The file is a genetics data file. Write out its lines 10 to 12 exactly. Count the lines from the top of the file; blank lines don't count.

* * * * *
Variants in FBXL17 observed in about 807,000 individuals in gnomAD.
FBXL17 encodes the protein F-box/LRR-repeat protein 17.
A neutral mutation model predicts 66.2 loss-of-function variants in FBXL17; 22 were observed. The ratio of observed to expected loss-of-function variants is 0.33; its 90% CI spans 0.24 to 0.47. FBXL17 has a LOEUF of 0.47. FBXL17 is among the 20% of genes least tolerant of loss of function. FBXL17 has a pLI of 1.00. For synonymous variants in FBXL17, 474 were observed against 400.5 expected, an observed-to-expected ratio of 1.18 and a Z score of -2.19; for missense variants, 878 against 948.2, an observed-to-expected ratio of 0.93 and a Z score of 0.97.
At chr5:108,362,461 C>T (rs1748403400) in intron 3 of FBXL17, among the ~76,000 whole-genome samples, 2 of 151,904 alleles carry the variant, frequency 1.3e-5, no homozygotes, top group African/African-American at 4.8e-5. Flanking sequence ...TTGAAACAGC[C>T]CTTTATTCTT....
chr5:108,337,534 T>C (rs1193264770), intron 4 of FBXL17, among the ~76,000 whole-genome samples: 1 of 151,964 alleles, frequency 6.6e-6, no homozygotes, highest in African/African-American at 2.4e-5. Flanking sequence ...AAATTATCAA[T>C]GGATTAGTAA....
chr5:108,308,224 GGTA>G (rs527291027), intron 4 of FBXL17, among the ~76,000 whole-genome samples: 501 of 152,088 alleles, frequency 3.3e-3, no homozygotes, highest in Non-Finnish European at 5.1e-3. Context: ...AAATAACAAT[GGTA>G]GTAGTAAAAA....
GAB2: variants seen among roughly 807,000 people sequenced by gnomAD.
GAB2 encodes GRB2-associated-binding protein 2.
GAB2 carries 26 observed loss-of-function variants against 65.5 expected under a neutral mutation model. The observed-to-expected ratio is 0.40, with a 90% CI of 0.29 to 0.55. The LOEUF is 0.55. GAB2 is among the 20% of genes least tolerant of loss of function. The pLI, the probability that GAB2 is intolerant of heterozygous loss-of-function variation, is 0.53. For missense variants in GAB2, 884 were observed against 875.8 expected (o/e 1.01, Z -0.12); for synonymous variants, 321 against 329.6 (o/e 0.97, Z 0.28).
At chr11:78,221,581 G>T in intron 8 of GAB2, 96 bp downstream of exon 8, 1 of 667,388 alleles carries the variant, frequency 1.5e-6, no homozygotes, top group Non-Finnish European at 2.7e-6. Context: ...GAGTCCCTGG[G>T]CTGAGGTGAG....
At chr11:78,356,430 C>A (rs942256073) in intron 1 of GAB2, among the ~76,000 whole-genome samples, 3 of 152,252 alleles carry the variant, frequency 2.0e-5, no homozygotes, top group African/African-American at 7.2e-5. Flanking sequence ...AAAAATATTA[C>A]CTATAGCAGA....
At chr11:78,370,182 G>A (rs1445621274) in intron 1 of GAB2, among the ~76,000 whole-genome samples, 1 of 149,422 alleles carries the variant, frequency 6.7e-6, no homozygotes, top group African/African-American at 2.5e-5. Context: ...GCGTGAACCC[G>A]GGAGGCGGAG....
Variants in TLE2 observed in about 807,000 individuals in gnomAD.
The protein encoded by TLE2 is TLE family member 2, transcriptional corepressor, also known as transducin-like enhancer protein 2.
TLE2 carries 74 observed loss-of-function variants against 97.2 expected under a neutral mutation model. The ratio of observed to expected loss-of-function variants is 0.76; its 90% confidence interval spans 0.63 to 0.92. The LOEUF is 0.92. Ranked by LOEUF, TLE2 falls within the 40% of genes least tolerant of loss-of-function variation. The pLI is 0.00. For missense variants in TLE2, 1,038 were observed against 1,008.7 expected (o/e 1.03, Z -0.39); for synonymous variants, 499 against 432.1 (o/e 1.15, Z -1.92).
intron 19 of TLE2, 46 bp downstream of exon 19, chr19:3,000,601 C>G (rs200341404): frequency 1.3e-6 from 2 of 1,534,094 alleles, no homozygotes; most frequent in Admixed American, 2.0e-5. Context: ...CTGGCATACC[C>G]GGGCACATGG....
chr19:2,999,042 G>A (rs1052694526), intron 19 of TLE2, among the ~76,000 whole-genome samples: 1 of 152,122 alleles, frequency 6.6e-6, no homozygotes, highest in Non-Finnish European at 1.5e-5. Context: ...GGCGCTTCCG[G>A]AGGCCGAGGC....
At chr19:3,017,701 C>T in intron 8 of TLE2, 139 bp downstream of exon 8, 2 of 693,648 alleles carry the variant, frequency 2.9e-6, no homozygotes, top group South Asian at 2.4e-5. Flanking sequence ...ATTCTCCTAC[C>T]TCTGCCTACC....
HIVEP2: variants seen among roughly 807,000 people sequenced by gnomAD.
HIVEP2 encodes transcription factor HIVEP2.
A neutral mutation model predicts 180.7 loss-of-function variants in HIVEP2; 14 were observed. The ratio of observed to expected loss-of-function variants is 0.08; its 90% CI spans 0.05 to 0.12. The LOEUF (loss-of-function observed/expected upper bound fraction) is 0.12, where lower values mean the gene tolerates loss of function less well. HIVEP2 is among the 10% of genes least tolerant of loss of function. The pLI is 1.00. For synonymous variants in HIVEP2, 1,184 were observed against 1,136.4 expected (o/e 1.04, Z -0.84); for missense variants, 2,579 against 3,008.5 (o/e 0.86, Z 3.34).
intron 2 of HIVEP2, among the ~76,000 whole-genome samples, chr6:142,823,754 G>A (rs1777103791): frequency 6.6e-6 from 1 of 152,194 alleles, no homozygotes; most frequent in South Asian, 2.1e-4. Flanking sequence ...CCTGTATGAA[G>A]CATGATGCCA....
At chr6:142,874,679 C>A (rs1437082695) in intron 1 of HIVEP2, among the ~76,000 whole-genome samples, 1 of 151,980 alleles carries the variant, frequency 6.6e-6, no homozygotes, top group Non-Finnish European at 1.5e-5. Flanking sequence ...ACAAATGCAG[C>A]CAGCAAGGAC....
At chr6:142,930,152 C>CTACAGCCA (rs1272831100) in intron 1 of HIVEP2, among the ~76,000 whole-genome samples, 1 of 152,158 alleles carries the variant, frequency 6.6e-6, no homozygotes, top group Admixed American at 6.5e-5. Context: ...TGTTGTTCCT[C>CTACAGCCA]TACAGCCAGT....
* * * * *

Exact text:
At chr11:78,221,581 G>T in intron 8 of GAB2, 96 bp downstream of exon 8, 1 of 667,388 alleles carries the variant, frequency 1.5e-6, no homozygotes, top group Non-Finnish European at 2.7e-6. Context: ...GAGTCCCTGG[G>T]CTGAGGTGAG....
At chr11:78,356,430 C>A (rs942256073) in intron 1 of GAB2, among the ~76,000 whole-genome samples, 3 of 152,252 alleles carry the variant, frequency 2.0e-5, no homozygotes, top group African/African-American at 7.2e-5. Flanking sequence ...AAAAATATTA[C>A]CTATAGCAGA....
At chr11:78,370,182 G>A (rs1445621274) in intron 1 of GAB2, among the ~76,000 whole-genome samples, 1 of 149,422 alleles carries the variant, frequency 6.7e-6, no homozygotes, top group African/African-American at 2.5e-5. Context: ...GCGTGAACCC[G>A]GGAGGCGGAG....